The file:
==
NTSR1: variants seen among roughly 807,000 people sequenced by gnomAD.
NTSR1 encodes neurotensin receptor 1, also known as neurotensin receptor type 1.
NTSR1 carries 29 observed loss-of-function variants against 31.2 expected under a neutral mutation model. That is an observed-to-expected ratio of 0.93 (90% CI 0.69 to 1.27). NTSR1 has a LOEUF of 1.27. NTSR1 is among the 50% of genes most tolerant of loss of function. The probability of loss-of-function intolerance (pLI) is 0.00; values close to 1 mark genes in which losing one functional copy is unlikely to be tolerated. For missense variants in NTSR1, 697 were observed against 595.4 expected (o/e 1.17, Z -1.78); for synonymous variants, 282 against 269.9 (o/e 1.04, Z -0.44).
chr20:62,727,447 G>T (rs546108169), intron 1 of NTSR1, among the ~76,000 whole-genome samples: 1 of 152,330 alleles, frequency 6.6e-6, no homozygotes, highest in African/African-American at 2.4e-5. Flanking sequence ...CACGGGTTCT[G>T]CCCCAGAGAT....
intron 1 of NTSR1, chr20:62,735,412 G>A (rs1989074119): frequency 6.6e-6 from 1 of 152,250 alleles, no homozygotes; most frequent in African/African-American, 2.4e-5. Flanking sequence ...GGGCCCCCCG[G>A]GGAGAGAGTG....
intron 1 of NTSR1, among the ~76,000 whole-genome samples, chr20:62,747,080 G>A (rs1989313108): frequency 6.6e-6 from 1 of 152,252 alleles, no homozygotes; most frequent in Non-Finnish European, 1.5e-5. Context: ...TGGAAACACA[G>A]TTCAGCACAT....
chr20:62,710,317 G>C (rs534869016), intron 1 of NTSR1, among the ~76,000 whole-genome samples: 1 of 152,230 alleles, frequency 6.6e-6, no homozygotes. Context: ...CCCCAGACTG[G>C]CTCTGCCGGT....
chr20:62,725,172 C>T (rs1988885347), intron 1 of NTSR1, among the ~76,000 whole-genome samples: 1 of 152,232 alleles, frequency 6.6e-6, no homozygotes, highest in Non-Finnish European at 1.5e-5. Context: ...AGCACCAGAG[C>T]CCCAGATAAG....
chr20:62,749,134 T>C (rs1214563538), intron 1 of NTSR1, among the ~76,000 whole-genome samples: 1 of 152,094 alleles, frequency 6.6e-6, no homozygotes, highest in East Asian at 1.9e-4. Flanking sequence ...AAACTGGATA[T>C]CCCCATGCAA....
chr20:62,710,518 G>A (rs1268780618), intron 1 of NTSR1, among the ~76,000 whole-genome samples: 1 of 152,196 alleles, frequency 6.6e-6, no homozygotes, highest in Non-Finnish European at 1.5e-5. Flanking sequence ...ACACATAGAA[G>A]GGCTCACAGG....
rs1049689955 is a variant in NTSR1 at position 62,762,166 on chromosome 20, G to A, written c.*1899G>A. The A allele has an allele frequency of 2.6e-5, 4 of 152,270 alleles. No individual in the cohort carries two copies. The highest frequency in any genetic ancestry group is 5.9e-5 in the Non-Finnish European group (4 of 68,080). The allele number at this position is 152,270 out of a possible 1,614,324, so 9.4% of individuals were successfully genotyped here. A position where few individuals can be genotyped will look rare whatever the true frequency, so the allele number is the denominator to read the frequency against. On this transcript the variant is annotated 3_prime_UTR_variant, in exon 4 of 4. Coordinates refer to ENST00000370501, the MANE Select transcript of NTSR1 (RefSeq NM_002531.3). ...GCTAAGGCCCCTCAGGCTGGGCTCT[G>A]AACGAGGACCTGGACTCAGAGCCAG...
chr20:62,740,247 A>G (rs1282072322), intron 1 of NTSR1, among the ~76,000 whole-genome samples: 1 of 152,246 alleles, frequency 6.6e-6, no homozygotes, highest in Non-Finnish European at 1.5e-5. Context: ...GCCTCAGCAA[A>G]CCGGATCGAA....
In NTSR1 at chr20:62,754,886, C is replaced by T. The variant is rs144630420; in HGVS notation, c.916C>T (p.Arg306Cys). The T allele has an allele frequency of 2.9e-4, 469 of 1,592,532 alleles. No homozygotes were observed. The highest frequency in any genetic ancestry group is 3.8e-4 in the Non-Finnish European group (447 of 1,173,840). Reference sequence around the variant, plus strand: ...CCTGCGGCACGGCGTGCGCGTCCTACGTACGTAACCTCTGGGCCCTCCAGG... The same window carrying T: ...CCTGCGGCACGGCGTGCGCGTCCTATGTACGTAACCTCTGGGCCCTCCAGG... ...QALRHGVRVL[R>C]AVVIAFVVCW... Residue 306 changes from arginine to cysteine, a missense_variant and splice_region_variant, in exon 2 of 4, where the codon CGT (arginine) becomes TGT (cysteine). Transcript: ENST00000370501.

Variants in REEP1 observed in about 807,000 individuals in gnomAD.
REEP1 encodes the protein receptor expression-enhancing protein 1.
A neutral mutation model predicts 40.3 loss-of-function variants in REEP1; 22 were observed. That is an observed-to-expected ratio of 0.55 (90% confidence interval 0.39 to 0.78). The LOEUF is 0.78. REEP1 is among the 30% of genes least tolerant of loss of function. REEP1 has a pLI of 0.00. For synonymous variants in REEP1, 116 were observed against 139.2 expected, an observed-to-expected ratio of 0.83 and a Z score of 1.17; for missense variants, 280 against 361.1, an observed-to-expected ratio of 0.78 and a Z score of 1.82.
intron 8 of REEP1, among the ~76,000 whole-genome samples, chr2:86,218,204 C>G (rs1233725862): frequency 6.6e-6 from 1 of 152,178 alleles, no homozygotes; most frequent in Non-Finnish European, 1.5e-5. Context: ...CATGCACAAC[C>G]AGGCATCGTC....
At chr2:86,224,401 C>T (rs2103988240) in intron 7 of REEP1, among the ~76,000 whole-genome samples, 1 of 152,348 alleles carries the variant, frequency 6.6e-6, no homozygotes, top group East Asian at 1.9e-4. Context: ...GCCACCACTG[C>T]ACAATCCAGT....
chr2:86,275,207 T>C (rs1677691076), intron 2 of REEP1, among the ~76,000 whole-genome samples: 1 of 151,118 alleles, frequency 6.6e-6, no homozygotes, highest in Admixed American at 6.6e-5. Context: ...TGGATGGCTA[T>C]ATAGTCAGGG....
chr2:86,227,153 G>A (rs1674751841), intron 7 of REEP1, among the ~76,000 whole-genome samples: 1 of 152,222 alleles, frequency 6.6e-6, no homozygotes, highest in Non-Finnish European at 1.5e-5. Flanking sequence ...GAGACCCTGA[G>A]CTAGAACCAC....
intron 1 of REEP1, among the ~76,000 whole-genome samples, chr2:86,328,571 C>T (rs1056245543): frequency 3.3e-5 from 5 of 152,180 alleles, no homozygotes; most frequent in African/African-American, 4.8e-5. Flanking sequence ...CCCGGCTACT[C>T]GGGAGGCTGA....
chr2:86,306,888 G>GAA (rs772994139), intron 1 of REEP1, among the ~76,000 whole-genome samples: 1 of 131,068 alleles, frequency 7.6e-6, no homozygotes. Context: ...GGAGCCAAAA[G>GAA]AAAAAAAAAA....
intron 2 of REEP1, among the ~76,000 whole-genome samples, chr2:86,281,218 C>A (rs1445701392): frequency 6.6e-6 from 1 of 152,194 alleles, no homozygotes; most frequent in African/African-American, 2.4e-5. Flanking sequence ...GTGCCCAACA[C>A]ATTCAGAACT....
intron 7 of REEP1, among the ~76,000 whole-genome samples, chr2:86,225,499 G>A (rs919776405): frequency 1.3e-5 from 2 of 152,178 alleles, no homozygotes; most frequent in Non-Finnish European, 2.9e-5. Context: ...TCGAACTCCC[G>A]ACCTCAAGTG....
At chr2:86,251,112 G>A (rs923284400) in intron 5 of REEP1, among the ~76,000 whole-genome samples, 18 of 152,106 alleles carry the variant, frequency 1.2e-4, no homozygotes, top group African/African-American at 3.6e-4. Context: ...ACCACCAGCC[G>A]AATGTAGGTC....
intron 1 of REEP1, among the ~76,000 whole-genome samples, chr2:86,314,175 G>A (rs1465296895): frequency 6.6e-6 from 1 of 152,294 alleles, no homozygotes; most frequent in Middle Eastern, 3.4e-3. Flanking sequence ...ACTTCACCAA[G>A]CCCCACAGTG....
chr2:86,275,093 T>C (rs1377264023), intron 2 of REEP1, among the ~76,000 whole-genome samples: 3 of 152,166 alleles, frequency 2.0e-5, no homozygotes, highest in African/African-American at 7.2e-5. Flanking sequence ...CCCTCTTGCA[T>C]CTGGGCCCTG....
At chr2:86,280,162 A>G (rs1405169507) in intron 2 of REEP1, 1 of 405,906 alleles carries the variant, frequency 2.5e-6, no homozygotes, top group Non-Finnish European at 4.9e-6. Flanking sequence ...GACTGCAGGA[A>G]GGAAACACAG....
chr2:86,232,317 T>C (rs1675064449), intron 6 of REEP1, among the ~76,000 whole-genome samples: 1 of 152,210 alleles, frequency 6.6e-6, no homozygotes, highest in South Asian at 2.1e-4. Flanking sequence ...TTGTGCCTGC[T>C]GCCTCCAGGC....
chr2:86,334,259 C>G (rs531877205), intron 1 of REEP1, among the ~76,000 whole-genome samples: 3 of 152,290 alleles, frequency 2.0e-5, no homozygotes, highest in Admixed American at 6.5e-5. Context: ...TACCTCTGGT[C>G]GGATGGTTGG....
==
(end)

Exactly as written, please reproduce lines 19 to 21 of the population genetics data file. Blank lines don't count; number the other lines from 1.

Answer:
chr2:86,275,207 T>C (rs1677691076), intron 2 of REEP1, among the ~76,000 whole-genome samples: 1 of 151,118 alleles, frequency 6.6e-6, no homozygotes, highest in Admixed American at 6.6e-5. Context: ...TGGATGGCTA[T>C]ATAGTCAGGG....
chr2:86,227,153 G>A (rs1674751841), intron 7 of REEP1, among the ~76,000 whole-genome samples: 1 of 152,222 alleles, frequency 6.6e-6, no homozygotes, highest in Non-Finnish European at 1.5e-5. Flanking sequence ...GAGACCCTGA[G>A]CTAGAACCAC....
intron 1 of REEP1, among the ~76,000 whole-genome samples, chr2:86,328,571 C>T (rs1056245543): frequency 3.3e-5 from 5 of 152,180 alleles, no homozygotes; most frequent in African/African-American, 4.8e-5. Flanking sequence ...CCCGGCTACT[C>T]GGGAGGCTGA....